Hidden Delayed Beauty
The last new module is called The Echo. Although its GUI is inspired by old Roland, this modulated delay provides you with features that recall Lexicon products. Let’s see what we can do with the numerous controls on the front panel. First of all, the Mode section allows you to control the behavior of the delay effect: Normal (as insert or bus effect), Triggered (which can be assigned to an external controller), and Roll (dependent of the Roll cursor that allows you to abruptly boost the feedback while cutting the direct signal for a freeze-like effect).
Listen to an example:
The delay section obviously includes time (in ms or note value when Sync is on), right-channel shift and ping-pong controls (alternating echoes moving to the left and to the right in the stereo field with a width parameter). Finally, you’ll find a Keep Pitch button allowing you to disable the simulation of “value-drop” artifacts that used to occur on vintage echo devices when editing the time parameters.
In the feedback section you’ll find a… feedback control and a bipolar offset control for the feedback to move from one channel to the other. Diffusion recalls a reverb with a Spread control to set the effect width and an Amount knob to control the amount of effect. Color allows you to add filter and/or saturation effects to the signal. You get a resonant band-pass filter and four different compressions from analog limiter to tube distortion. This means you can bend the delayed signal completely to create special effects or play with the Dry/Wet setting to get a fatter sound.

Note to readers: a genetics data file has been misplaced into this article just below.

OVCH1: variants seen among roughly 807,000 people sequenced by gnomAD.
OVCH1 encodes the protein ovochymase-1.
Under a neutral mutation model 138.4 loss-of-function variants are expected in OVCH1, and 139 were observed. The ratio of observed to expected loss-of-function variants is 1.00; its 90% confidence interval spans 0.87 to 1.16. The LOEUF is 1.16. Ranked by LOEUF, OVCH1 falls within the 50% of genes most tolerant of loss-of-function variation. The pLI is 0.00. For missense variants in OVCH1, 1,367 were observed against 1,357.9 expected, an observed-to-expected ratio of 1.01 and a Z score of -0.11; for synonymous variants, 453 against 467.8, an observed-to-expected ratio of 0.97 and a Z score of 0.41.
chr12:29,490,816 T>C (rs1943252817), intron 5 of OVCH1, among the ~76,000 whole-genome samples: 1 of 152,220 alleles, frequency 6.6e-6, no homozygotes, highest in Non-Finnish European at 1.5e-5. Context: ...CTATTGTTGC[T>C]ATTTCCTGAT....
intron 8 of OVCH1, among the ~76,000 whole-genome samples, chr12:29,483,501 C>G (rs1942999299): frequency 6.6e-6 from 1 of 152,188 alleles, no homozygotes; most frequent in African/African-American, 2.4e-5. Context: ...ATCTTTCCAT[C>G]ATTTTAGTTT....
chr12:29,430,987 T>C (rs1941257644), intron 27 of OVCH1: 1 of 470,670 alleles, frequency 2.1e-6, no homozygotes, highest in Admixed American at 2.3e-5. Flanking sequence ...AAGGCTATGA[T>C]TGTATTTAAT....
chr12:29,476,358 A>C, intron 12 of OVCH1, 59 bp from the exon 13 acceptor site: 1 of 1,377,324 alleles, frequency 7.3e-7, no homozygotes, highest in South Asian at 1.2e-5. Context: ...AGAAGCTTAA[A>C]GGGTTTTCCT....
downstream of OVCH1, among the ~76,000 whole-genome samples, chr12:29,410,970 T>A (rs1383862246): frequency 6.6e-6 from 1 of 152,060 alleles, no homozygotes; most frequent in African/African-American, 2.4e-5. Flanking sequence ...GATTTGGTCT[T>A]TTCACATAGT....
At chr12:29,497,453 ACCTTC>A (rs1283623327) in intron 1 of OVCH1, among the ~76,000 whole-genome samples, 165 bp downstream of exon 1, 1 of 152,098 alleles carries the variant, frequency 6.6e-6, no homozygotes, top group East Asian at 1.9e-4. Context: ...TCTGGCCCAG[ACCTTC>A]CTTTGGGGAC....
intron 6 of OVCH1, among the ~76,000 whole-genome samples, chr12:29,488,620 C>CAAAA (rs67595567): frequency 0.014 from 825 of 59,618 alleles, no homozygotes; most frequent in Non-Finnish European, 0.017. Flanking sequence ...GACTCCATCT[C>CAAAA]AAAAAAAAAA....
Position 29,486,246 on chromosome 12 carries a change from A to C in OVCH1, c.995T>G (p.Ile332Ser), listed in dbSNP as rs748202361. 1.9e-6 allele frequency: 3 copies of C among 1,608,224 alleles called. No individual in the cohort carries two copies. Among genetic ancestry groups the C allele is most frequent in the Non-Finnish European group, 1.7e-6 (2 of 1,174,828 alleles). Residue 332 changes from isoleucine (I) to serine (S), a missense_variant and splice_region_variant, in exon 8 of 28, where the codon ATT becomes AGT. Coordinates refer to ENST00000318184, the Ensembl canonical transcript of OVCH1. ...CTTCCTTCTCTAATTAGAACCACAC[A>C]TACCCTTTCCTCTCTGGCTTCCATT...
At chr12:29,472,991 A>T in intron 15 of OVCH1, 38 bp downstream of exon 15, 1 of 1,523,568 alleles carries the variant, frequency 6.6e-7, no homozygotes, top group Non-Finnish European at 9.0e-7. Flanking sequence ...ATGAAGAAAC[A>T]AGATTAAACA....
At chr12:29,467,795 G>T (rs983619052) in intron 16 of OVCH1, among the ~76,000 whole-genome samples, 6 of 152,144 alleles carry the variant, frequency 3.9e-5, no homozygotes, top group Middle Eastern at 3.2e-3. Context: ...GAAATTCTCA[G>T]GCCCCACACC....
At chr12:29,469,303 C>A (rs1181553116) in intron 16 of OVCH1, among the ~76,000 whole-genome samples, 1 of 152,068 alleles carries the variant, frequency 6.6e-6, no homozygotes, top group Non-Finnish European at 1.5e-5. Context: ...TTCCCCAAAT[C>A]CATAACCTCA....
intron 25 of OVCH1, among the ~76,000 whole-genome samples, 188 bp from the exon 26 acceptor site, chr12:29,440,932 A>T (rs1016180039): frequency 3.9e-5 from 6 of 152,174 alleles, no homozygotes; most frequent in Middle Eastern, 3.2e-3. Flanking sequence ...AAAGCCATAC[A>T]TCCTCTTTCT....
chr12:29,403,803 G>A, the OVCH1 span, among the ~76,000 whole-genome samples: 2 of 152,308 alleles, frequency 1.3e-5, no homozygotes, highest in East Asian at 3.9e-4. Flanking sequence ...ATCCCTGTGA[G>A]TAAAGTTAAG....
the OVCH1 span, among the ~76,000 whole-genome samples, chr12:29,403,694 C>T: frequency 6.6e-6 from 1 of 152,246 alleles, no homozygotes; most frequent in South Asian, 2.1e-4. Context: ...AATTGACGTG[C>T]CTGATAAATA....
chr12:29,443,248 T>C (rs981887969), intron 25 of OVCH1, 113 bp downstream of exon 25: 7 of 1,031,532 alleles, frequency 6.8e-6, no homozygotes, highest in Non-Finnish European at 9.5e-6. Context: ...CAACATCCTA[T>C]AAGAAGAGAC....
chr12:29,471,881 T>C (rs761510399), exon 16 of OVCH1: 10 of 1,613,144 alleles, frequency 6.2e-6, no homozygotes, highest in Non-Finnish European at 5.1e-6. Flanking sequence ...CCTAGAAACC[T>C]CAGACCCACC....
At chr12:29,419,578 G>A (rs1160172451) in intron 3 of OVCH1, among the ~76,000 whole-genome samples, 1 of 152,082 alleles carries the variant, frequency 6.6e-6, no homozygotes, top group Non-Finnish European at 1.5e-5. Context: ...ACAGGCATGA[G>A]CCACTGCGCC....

In the end the signal is sent to the Modulation section, which has a bipolar envelope to vary the pitch and the repetitions, a Wobble control that is supposed to reproduce the fluctuations of analog tape, and an LFO with adjustable Rate and Amount parameters. Last but not least, you’ll also find a Dry/Wet control and a Ducking control to trigger the delay depending on the level of the original signal. Excellent idea!
Like every new release, this Reason version brings a lot of new features with itself — and we must point out that Propellerhead really pampers its users with this 6th version. To have a multitrack recorder within a reliable, familiar, powerful and stable environment is a huge advantage. All the more considering that it compromises nothing in terms of philosophy and ease-of-use. The new modules (Alligator, Pulveriser and The Echo) are without a doubt on the same level as their predecessors.
To wrap it up, Propellerhead has struck a decisive blow once again. We could even expect them to exchange technologies with other manufacturers —like UA does with other famous brands—, not to add plug-in formats that would make Reason less reliable (don’t forget that this piece of software is a paradigm of stability), but to bring together different skills to improve this closed environment that keeps on getting better and better every time.